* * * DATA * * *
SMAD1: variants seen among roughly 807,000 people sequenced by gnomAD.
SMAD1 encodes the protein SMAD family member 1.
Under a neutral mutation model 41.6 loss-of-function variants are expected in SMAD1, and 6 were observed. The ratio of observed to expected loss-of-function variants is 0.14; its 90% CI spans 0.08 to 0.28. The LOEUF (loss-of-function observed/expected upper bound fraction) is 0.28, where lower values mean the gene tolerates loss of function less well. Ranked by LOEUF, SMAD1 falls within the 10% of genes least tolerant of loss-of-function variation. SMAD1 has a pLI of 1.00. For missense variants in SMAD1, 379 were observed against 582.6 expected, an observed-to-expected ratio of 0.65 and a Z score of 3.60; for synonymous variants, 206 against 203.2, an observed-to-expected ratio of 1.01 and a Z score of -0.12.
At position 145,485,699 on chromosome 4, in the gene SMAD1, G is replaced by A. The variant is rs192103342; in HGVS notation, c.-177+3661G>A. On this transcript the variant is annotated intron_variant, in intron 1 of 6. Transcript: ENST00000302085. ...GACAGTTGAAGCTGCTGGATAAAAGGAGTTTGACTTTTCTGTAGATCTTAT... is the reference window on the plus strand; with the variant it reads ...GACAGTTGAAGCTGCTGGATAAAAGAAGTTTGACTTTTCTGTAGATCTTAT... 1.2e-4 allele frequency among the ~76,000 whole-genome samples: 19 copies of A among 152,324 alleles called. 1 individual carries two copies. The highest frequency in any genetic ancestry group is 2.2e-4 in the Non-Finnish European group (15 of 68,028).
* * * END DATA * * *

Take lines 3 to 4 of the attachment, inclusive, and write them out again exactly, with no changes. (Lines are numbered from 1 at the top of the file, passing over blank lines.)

Under a neutral mutation model 41.6 loss-of-function variants are expected in SMAD1, and 6 were observed. The ratio of observed to expected loss-of-function variants is 0.14; its 90% CI spans 0.08 to 0.28. The LOEUF (loss-of-function observed/expected upper bound fraction) is 0.28, where lower values mean the gene tolerates loss of function less well. Ranked by LOEUF, SMAD1 falls within the 10% of genes least tolerant of loss-of-function variation. SMAD1 has a pLI of 1.00. For missense variants in SMAD1, 379 were observed against 582.6 expected, an observed-to-expected ratio of 0.65 and a Z score of 3.60; for synonymous variants, 206 against 203.2, an observed-to-expected ratio of 1.01 and a Z score of -0.12.
At position 145,485,699 on chromosome 4, in the gene SMAD1, G is replaced by A. The variant is rs192103342; in HGVS notation, c.-177+3661G>A. On this transcript the variant is annotated intron_variant, in intron 1 of 6. Transcript: ENST00000302085. ...GACAGTTGAAGCTGCTGGATAAAAGGAGTTTGACTTTTCTGTAGATCTTAT... is the reference window on the plus strand; with the variant it reads ...GACAGTTGAAGCTGCTGGATAAAAGAAGTTTGACTTTTCTGTAGATCTTAT... 1.2e-4 allele frequency among the ~76,000 whole-genome samples: 19 copies of A among 152,324 alleles called. 1 individual carries two copies. The highest frequency in any genetic ancestry group is 2.2e-4 in the Non-Finnish European group (15 of 68,028).